I’m going to tell you something I don’t know if I’ve ever admitted before. It’s not something I ever realized until I saw my colleagues doing it every day. But the simple fact is: public relations is hard work.
I spent the first part of my career in journalism, and being in a newsroom it can be hard to develop an appreciation for PR. Grumbling reporters left me with the impression that their inboxes (real ones at the time but virtual ones now) were littered with press releases from PR flacks who took the shotgun approach to garnering coverage for their clients—that is, send as many releases to as many people as possible and hope something sticks.
It wasn’t until I left the newsroom and started working next to PR professionals—and that’s a keyword here—that I realized how much work went into doing it well. Professional PR practitioners don’t shotgun their releases. Instead, they spend time—a lot of time—researching publications and reporters. They look at what those publications are publishing. They consider the kinds of topics reporters are writing about. They follow those reporters to see what they are talking about on social media. They do all of this so they can be laser-focused and make sure the pitches they do send out are likely to land.
This is called earned media for a reason. It takes a lot of work to secure this coverage.
So, now a question. Now that your team has worked so hard to secure the coverage that can get real attention for your company and build your brand awareness, what are you really going to do with it?
For too many businesses, they earn that coverage, garner that attention, then do… nothing. They want the newfound awareness to lead to new business, but they don’t do anything further to help turn that attention into conversion. It’s like now the word is out, they expect new products orders and services contracts to just magically appear.
The process goes something like this: Someone sees the business mentioned in an article, as a source quoted by a reporter, or, most likely, they read a byline written by one of the company’s thought leaders. They like what they see, so they decide to visit the company website. But once they arrive, they see nothing related to what they just read about. So, they bounce. Leave. Dissatisfied.
A few days or weeks later, they see another mention in the press or a new piece written by different SME in the company. Hopeful, they go back to the company site, again don’t see a connection with what they just read, and once again they bounce.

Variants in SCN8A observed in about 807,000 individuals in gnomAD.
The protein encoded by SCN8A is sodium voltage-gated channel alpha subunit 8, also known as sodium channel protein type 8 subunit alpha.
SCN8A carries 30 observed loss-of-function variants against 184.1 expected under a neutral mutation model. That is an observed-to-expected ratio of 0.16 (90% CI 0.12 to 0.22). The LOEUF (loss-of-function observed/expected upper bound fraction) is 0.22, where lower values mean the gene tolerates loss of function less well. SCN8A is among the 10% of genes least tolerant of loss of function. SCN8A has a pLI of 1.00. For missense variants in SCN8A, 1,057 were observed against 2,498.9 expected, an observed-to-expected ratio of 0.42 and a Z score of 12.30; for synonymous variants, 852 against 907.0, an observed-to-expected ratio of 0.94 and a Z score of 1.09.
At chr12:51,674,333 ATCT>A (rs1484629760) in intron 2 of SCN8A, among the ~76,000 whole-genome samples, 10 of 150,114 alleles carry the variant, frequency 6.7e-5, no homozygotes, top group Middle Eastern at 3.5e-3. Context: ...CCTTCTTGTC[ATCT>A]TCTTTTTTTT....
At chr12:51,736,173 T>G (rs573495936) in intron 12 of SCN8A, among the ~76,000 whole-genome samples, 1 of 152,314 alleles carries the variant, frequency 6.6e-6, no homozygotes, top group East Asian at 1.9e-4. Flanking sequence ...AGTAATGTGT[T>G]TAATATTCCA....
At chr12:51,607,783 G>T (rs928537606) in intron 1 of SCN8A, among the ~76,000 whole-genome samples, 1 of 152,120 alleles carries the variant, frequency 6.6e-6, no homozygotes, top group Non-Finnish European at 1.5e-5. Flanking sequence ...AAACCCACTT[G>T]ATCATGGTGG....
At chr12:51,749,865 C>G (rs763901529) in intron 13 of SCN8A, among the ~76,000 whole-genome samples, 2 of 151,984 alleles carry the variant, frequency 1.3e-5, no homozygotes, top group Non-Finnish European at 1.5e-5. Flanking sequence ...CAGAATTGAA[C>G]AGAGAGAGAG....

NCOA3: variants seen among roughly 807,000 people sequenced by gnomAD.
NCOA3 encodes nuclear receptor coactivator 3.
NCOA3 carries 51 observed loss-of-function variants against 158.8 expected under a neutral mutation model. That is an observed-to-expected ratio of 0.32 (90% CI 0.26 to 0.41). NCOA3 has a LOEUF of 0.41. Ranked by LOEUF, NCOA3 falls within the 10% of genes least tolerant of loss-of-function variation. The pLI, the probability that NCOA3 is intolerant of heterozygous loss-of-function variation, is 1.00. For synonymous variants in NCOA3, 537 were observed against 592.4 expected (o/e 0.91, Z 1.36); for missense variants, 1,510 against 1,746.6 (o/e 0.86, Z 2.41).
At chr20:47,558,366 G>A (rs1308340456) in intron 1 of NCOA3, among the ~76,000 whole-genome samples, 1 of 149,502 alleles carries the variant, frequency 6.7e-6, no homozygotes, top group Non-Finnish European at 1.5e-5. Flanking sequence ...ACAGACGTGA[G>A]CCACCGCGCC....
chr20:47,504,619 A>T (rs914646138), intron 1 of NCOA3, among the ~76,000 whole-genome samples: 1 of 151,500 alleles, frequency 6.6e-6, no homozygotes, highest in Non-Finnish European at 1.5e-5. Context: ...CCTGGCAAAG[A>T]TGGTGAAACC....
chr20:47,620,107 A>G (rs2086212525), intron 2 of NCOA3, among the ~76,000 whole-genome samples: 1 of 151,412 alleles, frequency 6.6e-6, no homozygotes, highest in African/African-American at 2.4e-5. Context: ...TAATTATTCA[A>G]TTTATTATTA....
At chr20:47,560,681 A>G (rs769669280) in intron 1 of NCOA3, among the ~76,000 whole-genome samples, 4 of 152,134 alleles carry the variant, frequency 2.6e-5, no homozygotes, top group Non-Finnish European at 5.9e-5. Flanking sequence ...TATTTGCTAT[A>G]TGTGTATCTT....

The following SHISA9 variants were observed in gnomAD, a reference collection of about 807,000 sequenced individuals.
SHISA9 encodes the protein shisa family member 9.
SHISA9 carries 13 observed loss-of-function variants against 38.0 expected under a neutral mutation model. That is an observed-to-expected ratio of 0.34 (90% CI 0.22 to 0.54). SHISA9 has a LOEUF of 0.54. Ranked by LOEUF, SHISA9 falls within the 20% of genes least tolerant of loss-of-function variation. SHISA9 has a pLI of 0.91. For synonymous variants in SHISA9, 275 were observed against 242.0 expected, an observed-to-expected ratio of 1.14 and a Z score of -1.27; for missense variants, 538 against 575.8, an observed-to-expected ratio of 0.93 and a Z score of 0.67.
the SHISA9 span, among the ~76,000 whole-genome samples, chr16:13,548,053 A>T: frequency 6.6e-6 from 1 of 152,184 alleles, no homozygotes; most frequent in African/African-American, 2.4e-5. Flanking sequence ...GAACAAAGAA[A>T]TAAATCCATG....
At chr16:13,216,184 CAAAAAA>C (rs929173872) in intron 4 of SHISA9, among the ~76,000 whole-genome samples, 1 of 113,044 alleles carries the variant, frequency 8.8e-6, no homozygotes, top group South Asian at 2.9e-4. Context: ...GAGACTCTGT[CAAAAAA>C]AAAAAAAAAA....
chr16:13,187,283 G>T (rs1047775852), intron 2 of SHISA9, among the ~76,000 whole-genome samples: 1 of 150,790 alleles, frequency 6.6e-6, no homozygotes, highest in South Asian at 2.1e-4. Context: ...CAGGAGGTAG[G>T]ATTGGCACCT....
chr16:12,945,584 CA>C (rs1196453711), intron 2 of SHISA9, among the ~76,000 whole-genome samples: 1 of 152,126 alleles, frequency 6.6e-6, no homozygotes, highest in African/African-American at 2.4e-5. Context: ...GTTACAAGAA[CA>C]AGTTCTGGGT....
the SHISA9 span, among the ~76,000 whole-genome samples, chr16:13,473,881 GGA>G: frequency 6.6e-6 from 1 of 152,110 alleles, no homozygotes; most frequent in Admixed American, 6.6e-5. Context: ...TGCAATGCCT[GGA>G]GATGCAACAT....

And on and on and on…
Now, it’s possible that on one of those visits, the person might stick around. They might click on a link that takes them deeper into the site and eventually gets them into the marketing funnel—though it isn’t very likely.
But what if you could give the visitor something compelling to click on, something to keep them on your site long enough to start actually engaging with you? Something that would help you retain all that attention you’ve worked so hard to earn. With a well-thought-out owned media strategy, you can. Such a program lets you build a bridge between your PR program and your marketing program, taking that earned attention and turning it into conversions. And isn’t that the ultimate goal?
What does this kind of program look like? That’s going to depend on who your buyer is and the kind of content they prefer to engage with. But what it’s not is something that’s focused on your products and capabilities. Why not? Because that’s not what got these people to engage with you in the first place.
You earned their attention by sharing smart thoughts and bright ideas, and that’s what you need to do to retain that attention. You build your audience by building an owned media program centered around the type of thought leadership that only you are authentically positioned to deliver. You help build affinity for your brand. You create fans. And it’s those fans who make you part of their consideration set when it’s time to make a purchase. When you do, you’ve built a solid bridge from attention to conversion and have effectively capitalized on the hard work your PR team has been doing.
Join the conversation